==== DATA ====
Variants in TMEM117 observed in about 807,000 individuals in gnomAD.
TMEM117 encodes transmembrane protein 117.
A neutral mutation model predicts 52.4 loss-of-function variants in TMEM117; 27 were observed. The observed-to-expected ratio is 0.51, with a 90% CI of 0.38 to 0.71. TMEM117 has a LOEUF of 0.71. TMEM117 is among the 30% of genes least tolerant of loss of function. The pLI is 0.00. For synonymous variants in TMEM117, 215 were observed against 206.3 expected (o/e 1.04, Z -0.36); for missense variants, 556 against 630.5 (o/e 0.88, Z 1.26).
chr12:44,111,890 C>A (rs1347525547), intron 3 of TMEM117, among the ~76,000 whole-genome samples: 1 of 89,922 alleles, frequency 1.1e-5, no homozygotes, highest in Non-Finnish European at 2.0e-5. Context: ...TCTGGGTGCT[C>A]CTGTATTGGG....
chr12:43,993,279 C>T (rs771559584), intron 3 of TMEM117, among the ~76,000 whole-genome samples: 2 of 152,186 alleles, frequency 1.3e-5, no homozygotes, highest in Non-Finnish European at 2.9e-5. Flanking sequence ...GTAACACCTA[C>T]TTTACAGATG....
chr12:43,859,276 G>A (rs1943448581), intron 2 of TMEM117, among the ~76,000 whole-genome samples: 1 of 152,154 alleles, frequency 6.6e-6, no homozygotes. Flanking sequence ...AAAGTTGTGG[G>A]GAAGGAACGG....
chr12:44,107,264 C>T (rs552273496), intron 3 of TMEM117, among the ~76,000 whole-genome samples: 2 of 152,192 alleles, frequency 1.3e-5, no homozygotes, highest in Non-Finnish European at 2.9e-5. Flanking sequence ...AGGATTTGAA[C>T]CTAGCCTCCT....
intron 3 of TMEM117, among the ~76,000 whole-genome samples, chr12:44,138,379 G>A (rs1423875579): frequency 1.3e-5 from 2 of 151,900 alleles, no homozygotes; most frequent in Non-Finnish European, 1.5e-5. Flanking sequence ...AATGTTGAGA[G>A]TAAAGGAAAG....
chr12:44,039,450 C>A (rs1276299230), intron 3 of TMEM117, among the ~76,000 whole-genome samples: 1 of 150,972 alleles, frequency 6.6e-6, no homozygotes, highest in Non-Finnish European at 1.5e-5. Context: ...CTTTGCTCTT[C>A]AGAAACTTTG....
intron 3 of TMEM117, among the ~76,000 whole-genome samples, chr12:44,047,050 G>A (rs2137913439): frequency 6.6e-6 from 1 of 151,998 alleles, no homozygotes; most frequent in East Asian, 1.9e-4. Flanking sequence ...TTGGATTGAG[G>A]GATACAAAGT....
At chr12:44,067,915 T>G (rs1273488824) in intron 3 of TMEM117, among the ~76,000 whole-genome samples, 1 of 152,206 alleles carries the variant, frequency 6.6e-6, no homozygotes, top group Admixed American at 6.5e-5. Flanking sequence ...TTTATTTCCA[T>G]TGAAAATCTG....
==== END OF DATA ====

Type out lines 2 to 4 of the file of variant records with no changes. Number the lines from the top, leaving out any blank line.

TMEM117 encodes transmembrane protein 117.
A neutral mutation model predicts 52.4 loss-of-function variants in TMEM117; 27 were observed. The observed-to-expected ratio is 0.51, with a 90% CI of 0.38 to 0.71. TMEM117 has a LOEUF of 0.71. TMEM117 is among the 30% of genes least tolerant of loss of function. The pLI is 0.00. For synonymous variants in TMEM117, 215 were observed against 206.3 expected (o/e 1.04, Z -0.36); for missense variants, 556 against 630.5 (o/e 0.88, Z 1.26).
chr12:44,111,890 C>A (rs1347525547), intron 3 of TMEM117, among the ~76,000 whole-genome samples: 1 of 89,922 alleles, frequency 1.1e-5, no homozygotes, highest in Non-Finnish European at 2.0e-5. Context: ...TCTGGGTGCT[C>A]CTGTATTGGG....